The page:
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Who we are and what we do
The Information Commissioner is an Agent of Parliament appointed under the Access to Information Act, Canada’s freedom of information legislation. The Commissioner reviews the complaints of individuals and organizations who believe that federal institutions have not respected their rights under the Act. As an ombudsperson, the Commissioner also promotes access to information in Canada.
Canada’s current Information Commissioner, Suzanne Legault, began her seven-year term on June 30, 2010, after serving one year as Interim Commissioner. Prior to this, she was Assistant Commissioner, Policy, Communications and Operations. Earlier in her career, Ms. Legault was Deputy Commissioner, Legislative and Parliamentary Affairs, at the Competition Bureau, Legal Counsel with the Department of Justice Canada, as well as a criminal lawyer in private practice and a Crown prosecutor.
The Commissioner is supported in her work by the Office of the Information Commissioner (OIC), an independent public body set up in 1983 under the Access to Information Act to respond to complaints from the public about access to government information.
Our mission is to conduct efficient, fair and confidential investigations into complaints about federal institutions’ handling of access to information requests. We use mediation and persuasion to resolve them. We bring cases to the Federal Court of Canada when they involve important principles of law or legal interpretation.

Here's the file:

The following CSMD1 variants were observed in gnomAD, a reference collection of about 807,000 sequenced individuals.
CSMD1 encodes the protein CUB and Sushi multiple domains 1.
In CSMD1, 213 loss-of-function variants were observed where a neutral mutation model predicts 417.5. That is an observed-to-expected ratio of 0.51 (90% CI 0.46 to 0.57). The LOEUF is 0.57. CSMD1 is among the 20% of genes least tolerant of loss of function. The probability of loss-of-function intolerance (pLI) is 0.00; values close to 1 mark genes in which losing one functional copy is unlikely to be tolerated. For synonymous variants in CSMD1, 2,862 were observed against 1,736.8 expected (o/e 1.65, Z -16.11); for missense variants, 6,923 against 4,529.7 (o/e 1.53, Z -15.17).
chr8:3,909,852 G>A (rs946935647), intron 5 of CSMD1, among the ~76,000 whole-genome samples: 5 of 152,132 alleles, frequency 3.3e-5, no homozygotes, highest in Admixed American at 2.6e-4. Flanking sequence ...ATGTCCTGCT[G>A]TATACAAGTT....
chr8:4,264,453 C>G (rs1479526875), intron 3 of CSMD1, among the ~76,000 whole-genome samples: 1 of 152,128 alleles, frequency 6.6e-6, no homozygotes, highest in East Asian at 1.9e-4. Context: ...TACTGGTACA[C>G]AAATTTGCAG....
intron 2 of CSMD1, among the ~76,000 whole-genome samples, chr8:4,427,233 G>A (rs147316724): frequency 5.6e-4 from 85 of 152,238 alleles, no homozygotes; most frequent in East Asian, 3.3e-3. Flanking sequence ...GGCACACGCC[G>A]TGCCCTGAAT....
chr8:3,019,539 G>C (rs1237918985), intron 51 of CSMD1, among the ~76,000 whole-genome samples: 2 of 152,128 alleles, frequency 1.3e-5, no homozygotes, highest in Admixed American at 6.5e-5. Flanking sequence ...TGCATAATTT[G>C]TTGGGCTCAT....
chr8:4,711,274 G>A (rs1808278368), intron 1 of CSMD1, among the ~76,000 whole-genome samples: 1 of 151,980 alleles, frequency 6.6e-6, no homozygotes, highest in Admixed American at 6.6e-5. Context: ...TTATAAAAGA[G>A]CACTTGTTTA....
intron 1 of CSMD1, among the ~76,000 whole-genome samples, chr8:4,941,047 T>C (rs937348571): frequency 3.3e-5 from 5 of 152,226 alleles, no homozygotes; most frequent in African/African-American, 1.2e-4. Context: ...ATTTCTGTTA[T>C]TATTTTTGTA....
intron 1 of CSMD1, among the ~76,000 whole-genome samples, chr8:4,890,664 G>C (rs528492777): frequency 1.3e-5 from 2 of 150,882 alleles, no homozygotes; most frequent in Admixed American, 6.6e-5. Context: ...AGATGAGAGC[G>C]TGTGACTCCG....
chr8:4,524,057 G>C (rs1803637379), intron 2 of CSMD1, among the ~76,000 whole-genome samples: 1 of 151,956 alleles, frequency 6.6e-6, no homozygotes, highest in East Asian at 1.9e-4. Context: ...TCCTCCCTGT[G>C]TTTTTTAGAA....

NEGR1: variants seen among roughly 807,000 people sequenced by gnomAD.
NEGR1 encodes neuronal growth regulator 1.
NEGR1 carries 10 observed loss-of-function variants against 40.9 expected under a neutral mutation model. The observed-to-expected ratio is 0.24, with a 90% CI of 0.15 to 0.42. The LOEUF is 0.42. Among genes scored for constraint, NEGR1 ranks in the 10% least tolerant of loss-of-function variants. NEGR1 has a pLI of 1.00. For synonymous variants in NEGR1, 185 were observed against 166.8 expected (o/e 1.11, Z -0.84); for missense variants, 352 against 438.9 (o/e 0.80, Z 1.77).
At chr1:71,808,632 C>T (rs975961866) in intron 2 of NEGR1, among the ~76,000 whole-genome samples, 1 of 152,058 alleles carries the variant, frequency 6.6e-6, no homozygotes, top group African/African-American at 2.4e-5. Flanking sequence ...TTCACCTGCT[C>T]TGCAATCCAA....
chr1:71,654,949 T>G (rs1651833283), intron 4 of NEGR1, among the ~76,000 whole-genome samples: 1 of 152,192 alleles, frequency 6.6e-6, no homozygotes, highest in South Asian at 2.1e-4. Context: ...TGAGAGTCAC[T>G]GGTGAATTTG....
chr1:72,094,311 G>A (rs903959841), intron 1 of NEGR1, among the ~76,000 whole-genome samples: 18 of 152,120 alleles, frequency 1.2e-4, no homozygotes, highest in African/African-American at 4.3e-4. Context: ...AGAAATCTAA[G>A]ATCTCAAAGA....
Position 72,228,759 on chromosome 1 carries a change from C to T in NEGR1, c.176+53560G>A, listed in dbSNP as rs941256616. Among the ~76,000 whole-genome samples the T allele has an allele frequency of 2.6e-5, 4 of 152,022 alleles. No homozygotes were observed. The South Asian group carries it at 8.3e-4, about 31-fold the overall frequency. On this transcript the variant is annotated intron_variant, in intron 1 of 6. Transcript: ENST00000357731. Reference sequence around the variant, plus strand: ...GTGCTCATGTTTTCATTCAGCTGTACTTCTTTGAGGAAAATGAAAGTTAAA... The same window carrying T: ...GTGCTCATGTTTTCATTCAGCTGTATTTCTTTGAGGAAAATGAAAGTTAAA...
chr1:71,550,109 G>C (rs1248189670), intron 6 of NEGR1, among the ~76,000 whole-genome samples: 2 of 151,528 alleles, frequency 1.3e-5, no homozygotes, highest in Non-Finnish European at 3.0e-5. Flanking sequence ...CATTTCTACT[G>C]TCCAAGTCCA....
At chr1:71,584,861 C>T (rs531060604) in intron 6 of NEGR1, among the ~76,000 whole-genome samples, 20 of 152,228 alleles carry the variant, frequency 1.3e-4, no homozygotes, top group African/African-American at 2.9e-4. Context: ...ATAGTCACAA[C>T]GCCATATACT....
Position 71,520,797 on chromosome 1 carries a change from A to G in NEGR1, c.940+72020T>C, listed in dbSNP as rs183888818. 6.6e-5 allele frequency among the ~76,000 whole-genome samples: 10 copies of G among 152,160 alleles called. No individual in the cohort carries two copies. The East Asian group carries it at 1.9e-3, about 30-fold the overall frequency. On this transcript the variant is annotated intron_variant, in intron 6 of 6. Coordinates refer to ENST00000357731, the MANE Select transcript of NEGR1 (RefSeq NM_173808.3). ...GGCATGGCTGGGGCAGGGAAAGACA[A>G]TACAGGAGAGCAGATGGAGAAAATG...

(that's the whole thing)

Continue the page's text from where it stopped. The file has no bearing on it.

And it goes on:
We encourage federal institutions to disclose information as a matter of course and to respect Canadians’ rights to request and receive information, in the name of transparency and accountability.
We actively make the case for greater freedom of information in Canada through targeted initiatives such as Right to Know Week, and ongoing dialogue with Canadians, Parliament and federal institutions.
The OIC is funded through annual appropriations from Parliament. As a small organization, it has limited financial flexibility, 75 percent of its $12 million budget being allocated to salaries. As of April 2011, the OIC counts a workforce of 106 full-time equivalents, including 98 indeterminate employees.
The organizational structure of the OIC is shown in the diagram below.
The Complaints Resolution and Compliance Branch investigates individual complaints about the processing of access requests, conducts dispute resolution activities and makes formal recommendations to institutions, as required. It also assesses federal institutions’ compliance with their obligations and carries out systemic investigations and analysis.
Legal Services represents the Commissioner in court and provides legal advice on investigations, legislative issues and administrative matters. It closely monitors the range of cases having potential litigation ramifications for the OIC and access to information in general. It also assists investigators by providing them with up-to-date and customized reference tools on the evolving technicalities of the case law.
Corporate Services provides strategic and corporate leadership in human resources and financial management, internal audit as well as information management and technology. It provides policy direction and conducts the OIC’s external relations with a wide range of stakeholders, notably Parliament, government and representatives of the media. It is also responsible for managing the OIC’s access to information and privacy function.
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